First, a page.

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Other Seminar Series



The efficiency of mRNA pooling in microarray experiments

Christina Kendziorski, Department of Biostatistics and Medical Informatics, UW-Madison

January 29, 2003, 4-5 p.m.

1221 Computer Sciences & Statistics Center
1210 W. Dayton St.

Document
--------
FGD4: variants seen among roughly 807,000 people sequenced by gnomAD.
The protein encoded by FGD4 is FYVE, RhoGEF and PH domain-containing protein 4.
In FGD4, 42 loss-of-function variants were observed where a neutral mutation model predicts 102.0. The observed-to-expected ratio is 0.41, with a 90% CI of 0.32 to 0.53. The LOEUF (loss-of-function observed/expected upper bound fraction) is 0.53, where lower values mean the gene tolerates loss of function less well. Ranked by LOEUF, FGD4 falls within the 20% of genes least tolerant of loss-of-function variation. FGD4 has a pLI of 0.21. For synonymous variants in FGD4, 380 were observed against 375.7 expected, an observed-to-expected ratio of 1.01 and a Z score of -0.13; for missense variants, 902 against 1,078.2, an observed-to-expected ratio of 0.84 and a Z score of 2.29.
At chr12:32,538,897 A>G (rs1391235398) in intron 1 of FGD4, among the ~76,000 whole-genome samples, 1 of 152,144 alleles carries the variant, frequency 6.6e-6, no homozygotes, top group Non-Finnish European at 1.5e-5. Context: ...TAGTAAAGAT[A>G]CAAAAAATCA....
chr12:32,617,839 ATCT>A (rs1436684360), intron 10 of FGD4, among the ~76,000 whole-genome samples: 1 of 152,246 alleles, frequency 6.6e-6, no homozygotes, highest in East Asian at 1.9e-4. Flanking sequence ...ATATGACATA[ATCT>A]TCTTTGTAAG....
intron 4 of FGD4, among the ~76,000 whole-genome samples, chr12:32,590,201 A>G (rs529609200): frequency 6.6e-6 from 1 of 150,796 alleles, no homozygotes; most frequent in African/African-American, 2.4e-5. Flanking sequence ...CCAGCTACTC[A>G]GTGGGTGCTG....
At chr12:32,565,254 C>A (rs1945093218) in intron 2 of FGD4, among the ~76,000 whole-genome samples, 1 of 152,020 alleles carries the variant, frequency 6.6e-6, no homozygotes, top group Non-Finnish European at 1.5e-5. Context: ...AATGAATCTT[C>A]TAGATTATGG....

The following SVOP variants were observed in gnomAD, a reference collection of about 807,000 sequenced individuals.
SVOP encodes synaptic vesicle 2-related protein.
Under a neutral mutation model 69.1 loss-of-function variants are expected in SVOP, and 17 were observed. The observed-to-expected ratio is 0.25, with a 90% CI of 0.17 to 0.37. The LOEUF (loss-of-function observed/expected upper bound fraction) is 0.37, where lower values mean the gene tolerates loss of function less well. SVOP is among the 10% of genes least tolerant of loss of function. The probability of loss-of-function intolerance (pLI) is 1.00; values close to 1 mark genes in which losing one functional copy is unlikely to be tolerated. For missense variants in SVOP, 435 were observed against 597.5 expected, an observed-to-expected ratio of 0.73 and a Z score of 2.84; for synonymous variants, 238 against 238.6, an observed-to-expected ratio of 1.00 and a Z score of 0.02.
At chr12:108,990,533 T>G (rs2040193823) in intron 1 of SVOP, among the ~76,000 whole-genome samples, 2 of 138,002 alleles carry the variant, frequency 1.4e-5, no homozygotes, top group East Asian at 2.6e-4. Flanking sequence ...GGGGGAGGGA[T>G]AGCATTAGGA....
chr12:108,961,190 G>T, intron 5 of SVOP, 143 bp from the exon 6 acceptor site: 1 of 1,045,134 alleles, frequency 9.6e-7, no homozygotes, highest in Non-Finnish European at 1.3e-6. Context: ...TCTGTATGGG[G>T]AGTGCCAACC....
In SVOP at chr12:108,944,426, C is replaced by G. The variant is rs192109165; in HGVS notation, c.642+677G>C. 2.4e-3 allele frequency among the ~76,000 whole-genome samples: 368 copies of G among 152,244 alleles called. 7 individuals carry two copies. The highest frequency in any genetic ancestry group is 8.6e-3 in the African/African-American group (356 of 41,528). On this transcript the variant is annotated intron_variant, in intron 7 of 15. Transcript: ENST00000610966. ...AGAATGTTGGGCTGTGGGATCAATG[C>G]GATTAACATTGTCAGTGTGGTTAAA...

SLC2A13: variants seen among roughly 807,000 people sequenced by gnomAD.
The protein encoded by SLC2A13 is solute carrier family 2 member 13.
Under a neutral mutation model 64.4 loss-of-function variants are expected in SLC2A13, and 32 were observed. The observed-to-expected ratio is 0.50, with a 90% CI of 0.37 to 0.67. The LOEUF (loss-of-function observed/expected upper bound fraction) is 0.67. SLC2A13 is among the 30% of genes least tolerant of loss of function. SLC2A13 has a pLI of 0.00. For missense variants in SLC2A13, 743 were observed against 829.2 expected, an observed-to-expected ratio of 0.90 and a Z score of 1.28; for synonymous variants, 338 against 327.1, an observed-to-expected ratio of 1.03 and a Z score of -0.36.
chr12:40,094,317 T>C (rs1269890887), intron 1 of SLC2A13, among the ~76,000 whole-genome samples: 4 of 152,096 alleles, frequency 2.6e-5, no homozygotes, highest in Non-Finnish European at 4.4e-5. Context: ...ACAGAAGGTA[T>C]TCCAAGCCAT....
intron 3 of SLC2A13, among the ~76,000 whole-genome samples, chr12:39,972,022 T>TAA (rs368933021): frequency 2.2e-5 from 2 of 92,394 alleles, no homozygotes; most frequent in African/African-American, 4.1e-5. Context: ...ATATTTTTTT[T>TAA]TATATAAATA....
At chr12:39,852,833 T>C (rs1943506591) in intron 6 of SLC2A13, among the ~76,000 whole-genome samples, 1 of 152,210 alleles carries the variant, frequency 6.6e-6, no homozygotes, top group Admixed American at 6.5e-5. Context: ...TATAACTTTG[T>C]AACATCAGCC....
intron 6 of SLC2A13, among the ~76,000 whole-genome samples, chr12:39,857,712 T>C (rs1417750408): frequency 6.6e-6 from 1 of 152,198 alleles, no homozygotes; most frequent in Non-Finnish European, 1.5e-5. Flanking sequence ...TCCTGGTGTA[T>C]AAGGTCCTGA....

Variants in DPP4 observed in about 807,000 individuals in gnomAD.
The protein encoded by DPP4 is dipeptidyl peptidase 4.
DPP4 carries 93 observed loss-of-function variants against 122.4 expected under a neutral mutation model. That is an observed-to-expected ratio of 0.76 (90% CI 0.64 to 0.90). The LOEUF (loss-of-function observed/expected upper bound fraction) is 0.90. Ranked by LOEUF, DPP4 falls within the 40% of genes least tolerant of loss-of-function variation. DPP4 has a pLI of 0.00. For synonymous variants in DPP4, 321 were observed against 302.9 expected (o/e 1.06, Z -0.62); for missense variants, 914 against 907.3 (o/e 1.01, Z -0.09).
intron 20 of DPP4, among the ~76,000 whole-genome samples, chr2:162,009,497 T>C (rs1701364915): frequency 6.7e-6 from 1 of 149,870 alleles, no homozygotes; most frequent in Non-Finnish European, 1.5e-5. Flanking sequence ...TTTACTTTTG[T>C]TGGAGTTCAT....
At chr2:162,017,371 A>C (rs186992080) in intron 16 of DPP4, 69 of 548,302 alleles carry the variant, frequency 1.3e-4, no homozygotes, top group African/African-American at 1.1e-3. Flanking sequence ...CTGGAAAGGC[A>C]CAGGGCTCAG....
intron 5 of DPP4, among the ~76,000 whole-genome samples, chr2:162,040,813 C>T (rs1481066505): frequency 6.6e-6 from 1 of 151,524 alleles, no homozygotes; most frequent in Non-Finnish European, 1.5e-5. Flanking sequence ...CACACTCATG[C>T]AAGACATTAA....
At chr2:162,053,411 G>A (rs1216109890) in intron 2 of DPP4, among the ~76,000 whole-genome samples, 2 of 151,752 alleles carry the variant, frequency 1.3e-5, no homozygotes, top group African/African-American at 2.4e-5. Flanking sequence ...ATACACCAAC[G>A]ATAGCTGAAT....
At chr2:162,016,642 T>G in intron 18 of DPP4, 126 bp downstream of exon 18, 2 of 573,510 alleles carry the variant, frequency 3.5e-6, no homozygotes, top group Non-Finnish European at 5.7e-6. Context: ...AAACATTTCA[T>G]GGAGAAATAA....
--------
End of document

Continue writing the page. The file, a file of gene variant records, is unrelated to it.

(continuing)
Microarray technologies are now widely used to gain insight into the genetic basis of many complex biological processes. Although quite powerful, arrays are relatively expensive and, as a result, replication is done at a minimum. Reducing replication can adversely affect estimation of gene expression and assessment of differential expression. To address these problems, mRNA samples are often pooled across subjects in an attempt to reduce subject to subject variability. Indeed, under some conditions, this can decrease measurement variability and in so doing reduce the number of replicates required. However, owing to array specific effects, pooling cannot eliminate the need for replication. Furthermore, if contaminated samples are present, pooling can lead to biased estimates of expression. I will discuss conditions under which it is advantageous to pool mRNA samples and present experimental designs which provide for optimal estimates using a minimum number of arrays. The impact of the designs on the assessment of differential expression will also be discussed.

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